These groups have been growing, and for some time. The number of hate groups started rising in 2000 after the Census Bureau, for the first time, announced publicly that in the 2040s there would be no white majority in the US. That obviously was a motivator for white supremacist groups to recruit, and they did aggressively. There were 602 hate groups in 2000 and there are 917 now. Obamas election was also a factor, as well as the economic meltdown in 2008. But the most important factor leading to the growth of these groups is Americas changing demographics.The hate movement is capitalizing on this with those who share racial resentmentsand have built a backlash that comprised part of the electoral coalition behind President Trump, namely the Alt-Right. In the last year, it was organizations such as Daily Stormer or Identity Europa that saw the biggest gains in terms of new chapters. They hitched their messaging to the Trump campaign and as a result, saw great increases in their ranks. Daily Stormer now has 400,000 page views a month and in the last year, moved from an online website to a real world organization with 30 chapters. The way the antigovernment movement, which includes gun extremists and those who think Democrats are out to destroy them, grows is a bit different. It tends to add organizations and chapters when Democratic presidents are in office, which happened under Clinton and Obama. In 2016, their number of chapters fell, likely as they watched the Trump campaign excel and eventually win in November.

Hate crimes spiked in the US following the November election. Whats the status of hate crimes now, six months after the election?

The SPLC documented about 1,800 hate crimes and bias incidents from the day of the election through February. It was an extraordinary number of such events, which typically occur in much smaller numbers during a similar period of time. The most targeted populations immigrants and Muslims were also subject to demonization during the election campaign. As we often say at SPLC, hate speech has real world consequences and they can be terrifying for the groups subject to demonization. Also, many of the crimes were specifically committed in Trumps name. In the first month or so, about twenty percent of the incidents perpetrators referred directly to him.

Whats the goal of collecting data around the problem of hate?

The most important objective is to demonstrate that this is a continuing problem in America that needs to be addressed. Too often, people work under the assumption that all of Americas horrifying racial past is history. But a white supremacist governing structure didnt disappear with the passage of the Civil Rights and Voting Rights Acts in the mid-1960s. And racists, who were backed up in their beliefs by law since the founding of the country, dont just abandon those beliefs overnight. Detoxifying race in this country is a long-term project. Simply documenting that hate crimes are happening matters greatly in dealing with this problem.We should also hold accountable those who demonize populations for political reasons or other ends for the violence their words can unleash.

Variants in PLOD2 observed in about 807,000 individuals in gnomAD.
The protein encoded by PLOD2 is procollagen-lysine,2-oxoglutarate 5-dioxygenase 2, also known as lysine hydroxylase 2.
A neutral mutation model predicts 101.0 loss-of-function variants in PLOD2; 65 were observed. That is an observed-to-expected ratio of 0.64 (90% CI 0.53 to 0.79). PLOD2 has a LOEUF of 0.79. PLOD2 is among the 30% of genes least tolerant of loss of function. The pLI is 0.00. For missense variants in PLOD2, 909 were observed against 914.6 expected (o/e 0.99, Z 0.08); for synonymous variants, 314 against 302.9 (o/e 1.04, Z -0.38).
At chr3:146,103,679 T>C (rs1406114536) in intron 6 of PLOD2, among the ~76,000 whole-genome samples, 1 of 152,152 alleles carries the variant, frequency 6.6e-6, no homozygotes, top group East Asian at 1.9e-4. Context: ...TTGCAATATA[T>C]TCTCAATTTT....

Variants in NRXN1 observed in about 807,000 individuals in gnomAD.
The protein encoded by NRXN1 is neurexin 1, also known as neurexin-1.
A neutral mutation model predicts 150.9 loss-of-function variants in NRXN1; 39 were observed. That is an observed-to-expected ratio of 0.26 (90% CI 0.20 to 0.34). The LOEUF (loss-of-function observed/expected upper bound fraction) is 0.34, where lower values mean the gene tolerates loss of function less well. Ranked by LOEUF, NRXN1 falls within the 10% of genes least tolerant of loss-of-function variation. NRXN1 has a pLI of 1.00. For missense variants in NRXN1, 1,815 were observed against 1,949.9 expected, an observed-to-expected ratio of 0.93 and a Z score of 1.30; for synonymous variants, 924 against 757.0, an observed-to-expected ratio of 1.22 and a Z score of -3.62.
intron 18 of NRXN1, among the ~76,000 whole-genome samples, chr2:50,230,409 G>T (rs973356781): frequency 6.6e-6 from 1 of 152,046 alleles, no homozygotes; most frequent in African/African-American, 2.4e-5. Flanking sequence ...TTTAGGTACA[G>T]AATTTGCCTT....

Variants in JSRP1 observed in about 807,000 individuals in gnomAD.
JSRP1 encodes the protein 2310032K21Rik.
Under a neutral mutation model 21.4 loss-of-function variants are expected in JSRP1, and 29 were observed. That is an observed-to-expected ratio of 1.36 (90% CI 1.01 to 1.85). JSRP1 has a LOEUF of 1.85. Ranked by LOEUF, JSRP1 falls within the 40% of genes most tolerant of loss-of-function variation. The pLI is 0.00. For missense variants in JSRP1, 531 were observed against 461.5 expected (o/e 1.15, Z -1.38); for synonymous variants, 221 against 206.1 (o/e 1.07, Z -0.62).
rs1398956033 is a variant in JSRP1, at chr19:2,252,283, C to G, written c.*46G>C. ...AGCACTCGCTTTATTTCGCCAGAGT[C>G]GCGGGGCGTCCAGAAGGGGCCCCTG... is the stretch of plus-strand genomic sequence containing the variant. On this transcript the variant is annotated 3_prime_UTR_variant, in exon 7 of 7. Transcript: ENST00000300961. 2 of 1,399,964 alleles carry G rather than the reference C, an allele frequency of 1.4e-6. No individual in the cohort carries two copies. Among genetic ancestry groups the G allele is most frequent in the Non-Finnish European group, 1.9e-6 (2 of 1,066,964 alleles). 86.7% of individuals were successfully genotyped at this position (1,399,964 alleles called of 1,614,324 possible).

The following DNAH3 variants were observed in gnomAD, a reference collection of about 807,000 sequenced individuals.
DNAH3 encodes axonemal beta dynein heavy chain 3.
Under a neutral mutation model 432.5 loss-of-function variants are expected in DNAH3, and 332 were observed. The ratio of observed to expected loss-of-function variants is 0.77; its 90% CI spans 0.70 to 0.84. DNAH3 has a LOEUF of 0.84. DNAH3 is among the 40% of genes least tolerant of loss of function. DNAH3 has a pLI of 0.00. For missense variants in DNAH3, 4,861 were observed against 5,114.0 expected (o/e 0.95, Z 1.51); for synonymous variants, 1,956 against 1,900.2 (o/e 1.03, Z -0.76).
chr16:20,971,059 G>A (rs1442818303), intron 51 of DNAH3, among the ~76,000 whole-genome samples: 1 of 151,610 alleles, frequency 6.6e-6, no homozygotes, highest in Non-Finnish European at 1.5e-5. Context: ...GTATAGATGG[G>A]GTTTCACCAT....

Hate crimes are brutally undercounted. The DOJ (Department of Justice) has conducted three major statistical studies of survey data compiled annually by the National Crime Victimization Survey (NCVS). These analyses make it clear that the number of hate crimes in the US is much larger than other counts, at 250,000 annually. Think about that for a second. The FBI reports about 5500 hate crimes annually, and has for decades. The NCVS data, however, says the number is 30 times that amount. That means the undercounting is serious and the system for collecting data on hate crimes basically broken. If we really documented 250,000 hate crimes a year, this issue would be a national crisis. We, as a country, would be working on it with policies and dedicating resources to it. But due to the undercounting, it simply isn’t a top priority in our political system. The UK, which has millions fewer residents than the US, counted over 50,000 hate crimes last year. It’s possible to do better, if we care about the issue.

Youre speaking in the America I Know track at the Festival. What dont most Americans know or understand that you wish they did?

I wish they better understood the role hate continues to play in our political system and culture. Most Americans dont realize how many of these groups exist, how often ideas from white supremacist circles make it into mainstream media and politics, and how much that impacts our society. Many people dont realize that nearly all domestic terrorist attacks, or attempted attacks, are committed by white supremacists and not radical Islamists. In fact, our domestic terrorism problem is indigenous mostly, meaning it’s motivated by ideas about white superiority that are part of our culture, not some foreign import like radical Islam. Dylann Roof, who was driven by white supremacist ideology to kill black people in a Charleston church, is the norm for terrorists domestically. There is a certain naivet on this point that I wish did not exist because we cant combat these ideas if we dont know about them, dont care about them, or refuse to acknowledge them. We can only fix such problems when we are fully aware they exist.

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Anti-Sharia rallies around the US denounce Islam while stoking concerns among Muslim groups – Los Angeles Times